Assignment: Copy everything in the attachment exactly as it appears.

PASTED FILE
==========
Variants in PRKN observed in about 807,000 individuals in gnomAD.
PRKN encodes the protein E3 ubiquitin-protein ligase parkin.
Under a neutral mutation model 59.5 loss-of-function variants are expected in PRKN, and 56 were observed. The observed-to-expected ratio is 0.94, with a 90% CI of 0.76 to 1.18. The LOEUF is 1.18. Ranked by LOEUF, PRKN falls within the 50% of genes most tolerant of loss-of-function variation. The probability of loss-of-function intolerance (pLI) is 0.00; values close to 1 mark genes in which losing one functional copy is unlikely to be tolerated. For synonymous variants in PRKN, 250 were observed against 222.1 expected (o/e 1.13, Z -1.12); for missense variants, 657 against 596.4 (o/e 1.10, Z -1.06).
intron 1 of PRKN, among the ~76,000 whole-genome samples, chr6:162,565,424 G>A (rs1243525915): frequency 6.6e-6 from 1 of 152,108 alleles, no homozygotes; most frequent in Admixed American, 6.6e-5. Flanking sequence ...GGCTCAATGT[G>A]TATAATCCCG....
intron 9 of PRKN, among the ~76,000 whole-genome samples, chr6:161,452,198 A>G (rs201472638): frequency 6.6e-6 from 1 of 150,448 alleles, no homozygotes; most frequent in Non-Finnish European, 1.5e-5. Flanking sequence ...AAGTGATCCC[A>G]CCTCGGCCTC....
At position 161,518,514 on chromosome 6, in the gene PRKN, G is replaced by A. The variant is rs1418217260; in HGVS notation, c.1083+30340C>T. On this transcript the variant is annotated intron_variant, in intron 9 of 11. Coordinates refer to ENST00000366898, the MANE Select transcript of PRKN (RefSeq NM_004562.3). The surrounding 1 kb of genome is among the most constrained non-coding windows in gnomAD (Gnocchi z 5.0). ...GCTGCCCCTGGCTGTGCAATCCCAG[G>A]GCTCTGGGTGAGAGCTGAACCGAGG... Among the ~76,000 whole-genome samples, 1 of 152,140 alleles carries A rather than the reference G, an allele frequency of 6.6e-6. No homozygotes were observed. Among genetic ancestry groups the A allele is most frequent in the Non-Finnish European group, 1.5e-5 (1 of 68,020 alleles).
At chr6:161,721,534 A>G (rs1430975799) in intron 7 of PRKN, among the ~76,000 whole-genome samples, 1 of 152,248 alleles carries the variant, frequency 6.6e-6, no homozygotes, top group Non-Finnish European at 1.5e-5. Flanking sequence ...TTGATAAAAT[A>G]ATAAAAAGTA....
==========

Variants in PRKN observed in about 807,000 individuals in gnomAD.
PRKN encodes the protein E3 ubiquitin-protein ligase parkin.
Under a neutral mutation model 59.5 loss-of-function variants are expected in PRKN, and 56 were observed. The observed-to-expected ratio is 0.94, with a 90% CI of 0.76 to 1.18. The LOEUF is 1.18. Ranked by LOEUF, PRKN falls within the 50% of genes most tolerant of loss-of-function variation. The probability of loss-of-function intolerance (pLI) is 0.00; values close to 1 mark genes in which losing one functional copy is unlikely to be tolerated. For synonymous variants in PRKN, 250 were observed against 222.1 expected (o/e 1.13, Z -1.12); for missense variants, 657 against 596.4 (o/e 1.10, Z -1.06).
intron 1 of PRKN, among the ~76,000 whole-genome samples, chr6:162,565,424 G>A (rs1243525915): frequency 6.6e-6 from 1 of 152,108 alleles, no homozygotes; most frequent in Admixed American, 6.6e-5. Flanking sequence ...GGCTCAATGT[G>A]TATAATCCCG....
intron 9 of PRKN, among the ~76,000 whole-genome samples, chr6:161,452,198 A>G (rs201472638): frequency 6.6e-6 from 1 of 150,448 alleles, no homozygotes; most frequent in Non-Finnish European, 1.5e-5. Flanking sequence ...AAGTGATCCC[A>G]CCTCGGCCTC....
At position 161,518,514 on chromosome 6, in the gene PRKN, G is replaced by A. The variant is rs1418217260; in HGVS notation, c.1083+30340C>T. On this transcript the variant is annotated intron_variant, in intron 9 of 11. Coordinates refer to ENST00000366898, the MANE Select transcript of PRKN (RefSeq NM_004562.3). The surrounding 1 kb of genome is among the most constrained non-coding windows in gnomAD (Gnocchi z 5.0). ...GCTGCCCCTGGCTGTGCAATCCCAG[G>A]GCTCTGGGTGAGAGCTGAACCGAGG... Among the ~76,000 whole-genome samples, 1 of 152,140 alleles carries A rather than the reference G, an allele frequency of 6.6e-6. No homozygotes were observed. Among genetic ancestry groups the A allele is most frequent in the Non-Finnish European group, 1.5e-5 (1 of 68,020 alleles).
At chr6:161,721,534 A>G (rs1430975799) in intron 7 of PRKN, among the ~76,000 whole-genome samples, 1 of 152,248 alleles carries the variant, frequency 6.6e-6, no homozygotes, top group Non-Finnish European at 1.5e-5. Flanking sequence ...TTGATAAAAT[A>G]ATAAAAAGTA....